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Verizon Wireless will soon begin locking the phones it sells to customers, a move that will prevent the phones from being activated on any other carrier’s network. But Verizon says it is taking this measure to deter theft that occurs before customers purchase phones, and that Verizon will unlock the phones for customers after they’re purchased.
What isn’t clear is how long customers will have to wait before the phones are unlocked, and exactly what steps customer will have to take to do the unlocking. Verizon says its stores have been victimized by increasingly frequent armed robberies.
Verizon isn’t allowed to lock phones to its network because of open access requirements that are specific to the “C Block” 700MHz wireless spectrum that Verizon purchased in 2008 and uses for its 4G LTE network. Since then, Verizon has generally had more customer-friendly unlocking policies than other carriers.
Verizon contends that its upcoming change does not violate the “spirit” of those rules. The change was reported today by CNET, which has several quotes from a Verizon official and Verizon spokesperson.
“This change does not impact the spirit of that agreement as it is designed to deter theft by those who engage in identity theft or other fraud,” a Verizon spokesperson told CNET. “It is not inconsistent with our obligations under the C Block.”
We asked the FCC for comment about whether the new locking policy violates the open access rules. We will update this story if we hear back.
As of now, Verizon’s Device Unlocking Policy still says, “We do not lock our 4G LTE devices, and no code is needed to program them for use with another carrier.”
According to CNET, the change will occur in the spring. The news site says that there will be “little immediate impact” for customers because the phones will be “unlocked immediately through a software update.”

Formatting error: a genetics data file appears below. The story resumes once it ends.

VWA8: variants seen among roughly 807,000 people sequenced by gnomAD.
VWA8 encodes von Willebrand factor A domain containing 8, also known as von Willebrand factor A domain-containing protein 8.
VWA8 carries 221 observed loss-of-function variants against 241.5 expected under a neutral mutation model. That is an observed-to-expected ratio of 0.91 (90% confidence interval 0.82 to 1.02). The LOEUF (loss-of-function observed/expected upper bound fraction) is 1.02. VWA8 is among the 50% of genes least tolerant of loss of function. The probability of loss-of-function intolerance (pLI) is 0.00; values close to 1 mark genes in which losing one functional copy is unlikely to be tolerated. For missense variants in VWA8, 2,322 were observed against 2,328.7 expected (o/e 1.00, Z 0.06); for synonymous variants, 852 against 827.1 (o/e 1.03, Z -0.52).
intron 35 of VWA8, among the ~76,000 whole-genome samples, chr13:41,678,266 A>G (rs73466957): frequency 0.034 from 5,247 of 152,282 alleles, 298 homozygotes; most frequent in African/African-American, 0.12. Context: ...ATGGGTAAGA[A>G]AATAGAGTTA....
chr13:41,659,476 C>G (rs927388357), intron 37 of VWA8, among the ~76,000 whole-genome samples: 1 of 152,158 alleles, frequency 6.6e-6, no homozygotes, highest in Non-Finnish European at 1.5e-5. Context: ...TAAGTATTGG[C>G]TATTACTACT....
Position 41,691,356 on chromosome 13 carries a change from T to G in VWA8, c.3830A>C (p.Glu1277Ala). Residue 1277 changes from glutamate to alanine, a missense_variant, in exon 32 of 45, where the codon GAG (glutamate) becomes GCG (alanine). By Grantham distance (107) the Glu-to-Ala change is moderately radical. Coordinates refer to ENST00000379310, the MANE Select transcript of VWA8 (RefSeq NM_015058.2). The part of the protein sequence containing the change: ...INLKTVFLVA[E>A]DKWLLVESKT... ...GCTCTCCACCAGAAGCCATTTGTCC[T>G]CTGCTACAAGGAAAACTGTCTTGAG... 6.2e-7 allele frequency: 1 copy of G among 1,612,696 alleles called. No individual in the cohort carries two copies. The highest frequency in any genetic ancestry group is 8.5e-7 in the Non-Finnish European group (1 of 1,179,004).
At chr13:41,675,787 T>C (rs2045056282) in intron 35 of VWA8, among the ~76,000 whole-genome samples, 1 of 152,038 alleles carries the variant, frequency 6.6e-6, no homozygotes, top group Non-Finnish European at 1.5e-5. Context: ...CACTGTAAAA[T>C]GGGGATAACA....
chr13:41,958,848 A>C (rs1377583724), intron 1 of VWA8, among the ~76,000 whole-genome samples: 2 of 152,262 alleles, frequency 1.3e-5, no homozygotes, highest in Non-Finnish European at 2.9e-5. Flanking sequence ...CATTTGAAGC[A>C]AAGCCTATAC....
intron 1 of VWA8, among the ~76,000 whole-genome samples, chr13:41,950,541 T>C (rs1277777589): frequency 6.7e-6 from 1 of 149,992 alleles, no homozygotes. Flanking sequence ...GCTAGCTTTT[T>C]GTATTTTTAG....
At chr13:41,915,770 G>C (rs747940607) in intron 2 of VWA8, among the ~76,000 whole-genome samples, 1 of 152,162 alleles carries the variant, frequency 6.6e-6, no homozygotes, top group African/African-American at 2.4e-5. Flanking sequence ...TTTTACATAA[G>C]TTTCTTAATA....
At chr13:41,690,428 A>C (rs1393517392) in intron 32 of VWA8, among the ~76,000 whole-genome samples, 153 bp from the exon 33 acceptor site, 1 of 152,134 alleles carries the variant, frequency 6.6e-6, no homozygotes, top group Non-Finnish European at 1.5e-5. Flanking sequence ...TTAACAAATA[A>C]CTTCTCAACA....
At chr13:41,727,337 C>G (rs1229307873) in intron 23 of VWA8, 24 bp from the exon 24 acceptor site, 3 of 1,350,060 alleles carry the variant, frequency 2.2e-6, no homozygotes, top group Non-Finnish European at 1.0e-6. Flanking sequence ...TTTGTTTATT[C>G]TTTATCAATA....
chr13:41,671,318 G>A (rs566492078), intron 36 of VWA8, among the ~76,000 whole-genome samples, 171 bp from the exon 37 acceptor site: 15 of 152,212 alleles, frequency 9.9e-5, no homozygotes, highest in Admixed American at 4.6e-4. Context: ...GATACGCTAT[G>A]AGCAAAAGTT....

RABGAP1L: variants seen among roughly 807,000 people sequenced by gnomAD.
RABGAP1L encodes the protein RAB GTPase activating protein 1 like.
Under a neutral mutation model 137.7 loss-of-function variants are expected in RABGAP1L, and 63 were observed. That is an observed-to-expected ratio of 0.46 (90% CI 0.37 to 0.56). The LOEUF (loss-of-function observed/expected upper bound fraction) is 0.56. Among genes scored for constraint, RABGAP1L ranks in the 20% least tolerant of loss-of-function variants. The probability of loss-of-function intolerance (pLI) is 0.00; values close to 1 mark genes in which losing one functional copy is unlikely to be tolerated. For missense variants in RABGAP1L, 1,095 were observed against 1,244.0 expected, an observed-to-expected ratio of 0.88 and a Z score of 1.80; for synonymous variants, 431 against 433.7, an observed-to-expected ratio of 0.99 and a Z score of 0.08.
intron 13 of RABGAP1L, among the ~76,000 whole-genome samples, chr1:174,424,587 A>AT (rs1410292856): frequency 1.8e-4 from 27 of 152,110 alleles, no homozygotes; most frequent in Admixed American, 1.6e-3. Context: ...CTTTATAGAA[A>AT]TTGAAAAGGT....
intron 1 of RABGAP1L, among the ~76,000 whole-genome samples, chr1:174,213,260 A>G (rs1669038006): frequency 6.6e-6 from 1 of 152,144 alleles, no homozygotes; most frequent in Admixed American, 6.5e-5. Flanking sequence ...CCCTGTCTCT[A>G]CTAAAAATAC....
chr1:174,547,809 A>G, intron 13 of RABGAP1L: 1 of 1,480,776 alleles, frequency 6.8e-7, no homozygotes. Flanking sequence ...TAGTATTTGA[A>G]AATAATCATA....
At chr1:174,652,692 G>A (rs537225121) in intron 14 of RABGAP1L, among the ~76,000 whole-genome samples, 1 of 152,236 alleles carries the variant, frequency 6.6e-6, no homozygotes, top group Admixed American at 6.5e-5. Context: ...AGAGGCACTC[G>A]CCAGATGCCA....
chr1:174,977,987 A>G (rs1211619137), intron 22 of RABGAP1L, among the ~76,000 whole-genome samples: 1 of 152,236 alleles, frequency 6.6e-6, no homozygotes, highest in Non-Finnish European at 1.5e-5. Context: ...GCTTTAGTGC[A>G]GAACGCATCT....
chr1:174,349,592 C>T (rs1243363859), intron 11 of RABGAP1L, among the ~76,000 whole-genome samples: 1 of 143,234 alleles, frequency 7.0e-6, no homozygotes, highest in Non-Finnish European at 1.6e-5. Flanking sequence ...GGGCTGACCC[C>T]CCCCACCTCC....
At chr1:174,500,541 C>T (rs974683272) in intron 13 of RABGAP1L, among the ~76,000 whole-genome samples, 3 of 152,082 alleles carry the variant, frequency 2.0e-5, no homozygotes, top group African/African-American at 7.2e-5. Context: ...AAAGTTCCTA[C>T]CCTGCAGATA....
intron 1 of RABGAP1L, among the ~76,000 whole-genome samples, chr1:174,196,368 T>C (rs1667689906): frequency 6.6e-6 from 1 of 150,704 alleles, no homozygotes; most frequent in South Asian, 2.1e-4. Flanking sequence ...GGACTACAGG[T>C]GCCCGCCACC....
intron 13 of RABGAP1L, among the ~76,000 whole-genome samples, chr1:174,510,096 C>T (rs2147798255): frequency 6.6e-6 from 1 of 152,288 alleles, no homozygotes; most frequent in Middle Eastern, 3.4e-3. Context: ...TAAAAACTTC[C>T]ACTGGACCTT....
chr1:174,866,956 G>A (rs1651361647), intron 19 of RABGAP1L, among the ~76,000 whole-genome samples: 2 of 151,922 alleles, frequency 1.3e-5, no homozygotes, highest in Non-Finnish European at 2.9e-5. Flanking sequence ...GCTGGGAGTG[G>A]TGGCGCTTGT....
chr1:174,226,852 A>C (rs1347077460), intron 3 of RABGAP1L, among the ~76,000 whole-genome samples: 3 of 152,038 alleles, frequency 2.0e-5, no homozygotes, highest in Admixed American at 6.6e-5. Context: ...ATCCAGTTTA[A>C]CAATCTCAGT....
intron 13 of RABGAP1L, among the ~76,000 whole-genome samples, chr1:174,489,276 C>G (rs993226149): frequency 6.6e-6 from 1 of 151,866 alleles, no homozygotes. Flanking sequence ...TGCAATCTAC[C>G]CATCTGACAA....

But the unlocking also might not be so “immediate,” the story notes later on:
Verizon wouldn’t say how long the locked period will be once the policy change is made in the spring, adding only that it’ll provide an update ahead of when it rolls out the policy. It also declined to provide a specific timeline. The wait period is in place to deter scammers from signing up for service using stolen identities to get a new phone and immediately turning around and selling the device.
If Verizon unlocks the phones for customers immediately after a sale or as part of the sale process, and without any hassle, then this might not be a big deal. But we don’t know if that will be the case.
Of course, customers can avoid carrier-imposed locks by purchasing phones directly from manufacturers and activating them on a carrier network afterward.
We asked Verizon for more information on when the change will take effect, the exact process for customers to unlock phones after purchase, and for a more detailed explanation of how the change complies with the open access requirement.
Verizon did not answer our questions about the impact on customers. Instead, the company said it hasn’t “shared details on what changes will take place this spring.”
Verizon did provide us with more details on why it’s making the changes. A recent armed robbery and a general increase in robberies was cited in the statement we received from Tami Erwin, executive VP of wireless operations for Verizon:
This is an industry problem which becomes a Verizon problem because our phones have been unlocked all the time. Armed robberies were up more than 200 percent in the last year over the year prior. Just this weekend, four armed, masked men, stormed into one of our locations and held employees at gunpoint as they loaded phones from our inventory into a truck. We need to protect our employees from criminals with guns and protect customers from criminals who try to use their identities to fraudulently purchase phones.